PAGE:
Before Election, Putin Offers $8.6 Billion to Russians to Have More Babies

  • Government to boost child payments, subsidize family mortgages
  • Putin woos parents as he’s widely expected to seek re-election

Vladimir Putin speaks with a new mother in Kaliningrad on Nov. 2, 2011. 

Photographer: ALEXEY NIKOLSKY/AFP/Getty Images

Vladimir Putin has loosened Russia’s purse strings to expand a popular subsidy for families ahead of a presidential election in which he’s widely expected to seek a fourth term.

The government will spend 500 billion rubles ($8.6 billion) over three years on measures to encourage Russians to have more babies, including mortgage subsidies and payments to new and growing families, Deputy Prime Minister Olga Golodets told reporters Wednesday in Moscow. The money will come from government reserves and won’t require changes in the budget, Finance Minister Anton Siluanov told the upper house of parliament.

The welfare program’s being rolled out a day after Putin told officials at a Kremlin meeting that Russia must do more to support new parents and create “additional incentives for the birth of the second and third child” in families to counter a looming demographic crisis.

Putin’s sweetener to young Russians comes after the government has failed to raise pensions and other state benefits in line with inflation in recent years as spending has been cut amid the fall in oil prices and the longest recession this century. While he’s yet to declare his candidacy, Putin’s all but certain to seek re-election for another six years in March. The pitch to parents also seeks to counter a long-term demographic decline that may reduce Russia’s working-age population by 600,000 annually over the next six years.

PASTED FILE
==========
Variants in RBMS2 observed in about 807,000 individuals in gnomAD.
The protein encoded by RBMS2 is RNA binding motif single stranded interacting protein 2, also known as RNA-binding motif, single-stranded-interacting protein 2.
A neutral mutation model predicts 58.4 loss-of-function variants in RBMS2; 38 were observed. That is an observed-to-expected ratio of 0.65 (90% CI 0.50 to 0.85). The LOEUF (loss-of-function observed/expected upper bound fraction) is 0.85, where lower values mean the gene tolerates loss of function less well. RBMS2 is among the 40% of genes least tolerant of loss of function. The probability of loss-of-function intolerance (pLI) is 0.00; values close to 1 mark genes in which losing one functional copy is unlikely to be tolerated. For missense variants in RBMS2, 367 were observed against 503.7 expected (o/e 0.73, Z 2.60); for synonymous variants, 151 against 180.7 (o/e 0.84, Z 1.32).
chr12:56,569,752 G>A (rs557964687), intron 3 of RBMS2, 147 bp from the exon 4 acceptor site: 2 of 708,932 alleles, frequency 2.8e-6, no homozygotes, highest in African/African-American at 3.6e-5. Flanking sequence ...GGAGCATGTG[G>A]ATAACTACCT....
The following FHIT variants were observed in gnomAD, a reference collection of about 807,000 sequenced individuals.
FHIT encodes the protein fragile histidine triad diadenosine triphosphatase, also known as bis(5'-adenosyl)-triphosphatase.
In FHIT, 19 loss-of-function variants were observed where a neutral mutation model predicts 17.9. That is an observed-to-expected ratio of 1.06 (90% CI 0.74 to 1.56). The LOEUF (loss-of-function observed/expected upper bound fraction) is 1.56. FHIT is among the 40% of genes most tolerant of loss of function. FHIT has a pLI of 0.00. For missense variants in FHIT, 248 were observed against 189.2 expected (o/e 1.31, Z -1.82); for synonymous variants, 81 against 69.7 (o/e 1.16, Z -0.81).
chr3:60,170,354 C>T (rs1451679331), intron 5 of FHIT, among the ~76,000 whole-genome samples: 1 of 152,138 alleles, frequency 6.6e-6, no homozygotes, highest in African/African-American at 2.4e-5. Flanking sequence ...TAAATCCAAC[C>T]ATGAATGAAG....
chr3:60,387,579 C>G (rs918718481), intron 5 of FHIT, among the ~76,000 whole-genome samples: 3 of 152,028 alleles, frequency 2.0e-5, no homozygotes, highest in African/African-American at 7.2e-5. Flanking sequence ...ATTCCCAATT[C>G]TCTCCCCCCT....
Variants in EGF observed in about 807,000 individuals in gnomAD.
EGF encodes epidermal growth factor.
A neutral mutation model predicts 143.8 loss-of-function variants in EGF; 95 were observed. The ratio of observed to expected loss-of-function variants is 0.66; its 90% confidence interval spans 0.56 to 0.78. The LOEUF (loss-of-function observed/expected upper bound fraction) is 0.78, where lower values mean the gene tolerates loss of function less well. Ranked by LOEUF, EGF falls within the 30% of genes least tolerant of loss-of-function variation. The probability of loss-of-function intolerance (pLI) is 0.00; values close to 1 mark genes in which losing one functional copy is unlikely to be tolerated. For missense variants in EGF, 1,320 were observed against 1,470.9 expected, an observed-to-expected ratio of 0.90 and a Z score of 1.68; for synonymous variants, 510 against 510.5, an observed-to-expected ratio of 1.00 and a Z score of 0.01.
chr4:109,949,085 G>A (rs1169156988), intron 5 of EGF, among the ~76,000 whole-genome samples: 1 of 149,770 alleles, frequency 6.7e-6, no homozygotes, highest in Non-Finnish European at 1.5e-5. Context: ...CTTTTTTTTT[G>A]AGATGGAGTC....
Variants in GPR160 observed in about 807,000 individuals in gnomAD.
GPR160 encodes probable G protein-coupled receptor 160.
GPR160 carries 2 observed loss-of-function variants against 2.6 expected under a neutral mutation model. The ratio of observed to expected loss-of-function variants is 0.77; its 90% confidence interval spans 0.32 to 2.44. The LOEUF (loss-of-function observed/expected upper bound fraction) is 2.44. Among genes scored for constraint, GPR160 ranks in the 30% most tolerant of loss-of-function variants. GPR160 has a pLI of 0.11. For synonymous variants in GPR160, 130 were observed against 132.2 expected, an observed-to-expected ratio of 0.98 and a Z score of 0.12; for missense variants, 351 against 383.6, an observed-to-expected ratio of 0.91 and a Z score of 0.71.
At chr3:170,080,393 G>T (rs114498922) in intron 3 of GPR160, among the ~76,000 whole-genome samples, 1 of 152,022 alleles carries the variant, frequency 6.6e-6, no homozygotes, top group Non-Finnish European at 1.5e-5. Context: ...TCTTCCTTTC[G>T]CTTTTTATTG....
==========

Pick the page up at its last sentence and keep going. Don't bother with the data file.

Birth Rate

Russia suffered a decline in birth rates amid the chaos of the 1990s after the collapse of the Soviet Union. That’s feeding into a second slump now as the generation born then reaches its prime child-bearing years. Russia had 12.9 births per 1,000 people last year, the lowest since 2011, according to the Federal Statistics Service, which calculates the rate may plunge by a further quarter to just 9 births by 2035 in the most pessimistic circumstances.

“We must adopt a package of measures that will allow us to stabilize population numbers and prevent them from declining in the next decade,” Putin told the national children’s strategy meeting. “We must reset our demographic policy.”

From January, the government will introduce a monthly allowance for poorer families on the birth of a first child, which would continue for 18 months, Putin said. Over three years, the program will cost 144 billion rubles, he said.

A popular policy due to expire next year that provides 453,000 rubles in one-time payments to mothers who have a second baby and subsequent children should be extended until the end of 2021, Putin said.

Families that have a second or third child after January will also be eligible for a special mortgage program in which the government subsidizes annual interest rates above six percent, he said. As many as 500,000 families may benefit over the next five years, Putin said.

Putin announced the new measures in a rambling speech that at one point touched on Friedrich Engels’ views on monogamy and the virtues of the tapeworm, which the president said is able to reproduce by itself because it has both male and female attributes.

— With assistance by Andrey Biryukov

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